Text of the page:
His lordship accompanied her on her way out, and as she passed through the gate his eye fell on Mrs. MeCalla, whom he instantly recognized. Walking to the spot where she stood near the gate, he said fiercely: “Did I not order you, madam, to keep out of my presence?” The matron’s independent spirit flashed from her eyes, as she answered:

“I had no wish, sir, to intrude myself on your presence; I stopped at the gate on purpose to avoid you.” Unable to resist the temptation of speaking her mind for once, now that she had a last opportunity, she added: “I might turn the tables on you, sir, and ask, why did you come out to the gate to insult a woman? I have received from you nothing but abuse. My distresses you have made sport of, and I ceased long since to expect anything from you but ill-treatment. I am now not your supplicant; I came to demand, as a right, the release of my husband!” So saying, she bowed to him contemptuously, wheeled about, and deliberately walked off, without stopping to see how her bold language was received. Mrs. Nixon hastened after her, pale as death, and at first too much frightened to speak. As soon as she found voice, she exclaimed: “Sally you have ruined us, I am afraid! Why, he may put us both in jail!”

Mrs. McCalla laughed outright. “It is not the first time, Mary,” she replied, “that I have given him to understand I thought him a villain!” The two made their way back to the prison, but even after they got there Mrs. Nixon had not recovered from her terror. She was informed that it would be some time before the prisoners could be released.

The blacksmith was then sent for, and came with his tools. The sound of the hammering in the appartments of the jail, gave the first intimation to the women who waited to greet their friends, that the helpless captives were chained to the floor. This precaution had been adopted not long before, in consequence of some of the prisoners having attempted an escape. They were then put in handcuffs or chained by the ankle. These men left the place of their long imprisonment and suffering in company with the two women, and as they marched through the streets of Camden, passing the British guard, they sang at the top of their voices the songs of the “liberty-men.”

______

Excerpted from Noble Deeds of American Women
(Patriotic Series for Boys and Girls)
Edited by J. Clement
——
With an Introduction by Mrs. L. H. Sigourney
Illustrated
BOSTON: Lee and Shepard, Publishers
Entered by Act of Congress, in the year of 1851,
by E. H. Derby and Co., in the Clerk’s Office of the Northern District of New York
______

“THE LITTLE BLACK-EYED REBEL”

Some there are
By their good deeds exalted
                                                Wordsworth

Mary Redmond, the daughter of a patriot of Philadelphia of some local distinction, had many relatives who were loyalists. These were accustomed to call her “the little black-eyed rebel,” so ready was she to assist women whose husbands were fighting for free-dom, in procuring intelligence. “The dispatches were usually sent from their friends by a boy who carried them stitched in the back of his coat. He came into the city bringing provisions to market. One morning when there was some reason to fear he was suspected, and his movements were watched by the enemy, Mary undertook to get the papers from him in safety. She went, as usual, to the market, and in a pretended game of romps, threw her shawl over the boy’s head and secured the prize. She hastened with the papers to her anxious friends, who read them by stealth, after the windows had been carefully closed.”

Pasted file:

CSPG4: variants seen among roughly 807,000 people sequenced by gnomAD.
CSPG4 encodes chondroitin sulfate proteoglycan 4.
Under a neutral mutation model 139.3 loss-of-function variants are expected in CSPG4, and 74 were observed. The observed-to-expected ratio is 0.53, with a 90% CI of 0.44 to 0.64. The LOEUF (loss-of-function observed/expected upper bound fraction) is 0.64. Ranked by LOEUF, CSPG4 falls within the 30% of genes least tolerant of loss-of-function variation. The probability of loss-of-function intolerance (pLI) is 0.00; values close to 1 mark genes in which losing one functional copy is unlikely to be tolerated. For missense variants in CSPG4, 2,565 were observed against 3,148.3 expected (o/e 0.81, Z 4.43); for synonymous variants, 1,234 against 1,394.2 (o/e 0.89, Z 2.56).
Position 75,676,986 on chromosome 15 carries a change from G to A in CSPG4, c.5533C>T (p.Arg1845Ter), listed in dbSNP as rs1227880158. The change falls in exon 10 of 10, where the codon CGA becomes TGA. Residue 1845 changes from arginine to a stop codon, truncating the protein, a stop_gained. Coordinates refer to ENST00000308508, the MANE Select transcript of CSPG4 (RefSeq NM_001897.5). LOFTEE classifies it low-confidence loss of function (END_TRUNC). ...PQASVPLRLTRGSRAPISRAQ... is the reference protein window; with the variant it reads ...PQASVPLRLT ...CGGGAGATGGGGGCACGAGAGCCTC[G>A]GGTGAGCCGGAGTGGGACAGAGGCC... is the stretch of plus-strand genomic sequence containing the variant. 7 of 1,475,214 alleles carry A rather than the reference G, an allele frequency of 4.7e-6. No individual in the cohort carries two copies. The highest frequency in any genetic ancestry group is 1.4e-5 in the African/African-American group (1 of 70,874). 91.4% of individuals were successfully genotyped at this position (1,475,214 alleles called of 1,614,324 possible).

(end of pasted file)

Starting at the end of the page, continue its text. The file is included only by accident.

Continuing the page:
When the whig women in her neighborhood heard of Burgoyne’s surrender, and were exulting in secret, the cunning little “rebel,” prudently refraining from any open demonstration of joy, “put her head up the chimney and gave a shout for Gates!”

______

Excerpted from Noble Deeds of American Women
(Patriotic Series for Boys and Girls)
Edited by J. Clement
——
With an Introduction by Mrs. L. H. Sigourney
Illustrated
BOSTON: Lee and Shepard, Publishers
Entered by Act of Congress, in the year of 1851,
by E. H. Derby and Co., in the Clerk’s Office of the Northern District of New York
______

A PATRIOTIC DONATION.

Large charity doth never soil,
But only whitens soft white hands – Lowell.

When General Greene was retreating through the Carolinas, after the battle of the Cowpens, and while at Salisbury, North Carolina, he put up at a hotel, the landlady of which was Mrs. Elizabeth Steele. A detachment of Americans had just had a skirmish with the British under Cornwallis at the Catawba ford, and were defeated and dispersed; and when the wounded were brought to the hotel, the General no doubt felt somewhat discouraged, for the fate of the south and perhaps of the country seemed to hang on the result of this memorable retreat. Added to his other troubles was that of being penniless; and Mrs. Steele, learning this fact by accident, and ready to do anything in her power to further the cause of freedom, took him aside and drew from under her apron two bags of specie. Presenting them to him she gonerously said, “Take these, for you will want them, and I can do without them.”*

* Never did relief come at a more propitious moment; nor would it be straining conjecture to suppose that he resumed his journey with his spirits cheered and brightened by this touching proof of woman’s devotion to the cause of her country. [Greene’s Life of Nathaniel Greene.

______

Excerpted from Noble Deeds of American Women
(Patriotic Series for Boys and Girls)
Edited by J. Clement
——
With an Introduction by Mrs. L. H. Sigourney
Illustrated
BOSTON: Lee and Shepard, Publishers
Entered by Act of Congress, in the year of 1851,
by E. H. Derby and Co., in the Clerk’s Office of the Northern District of New York
______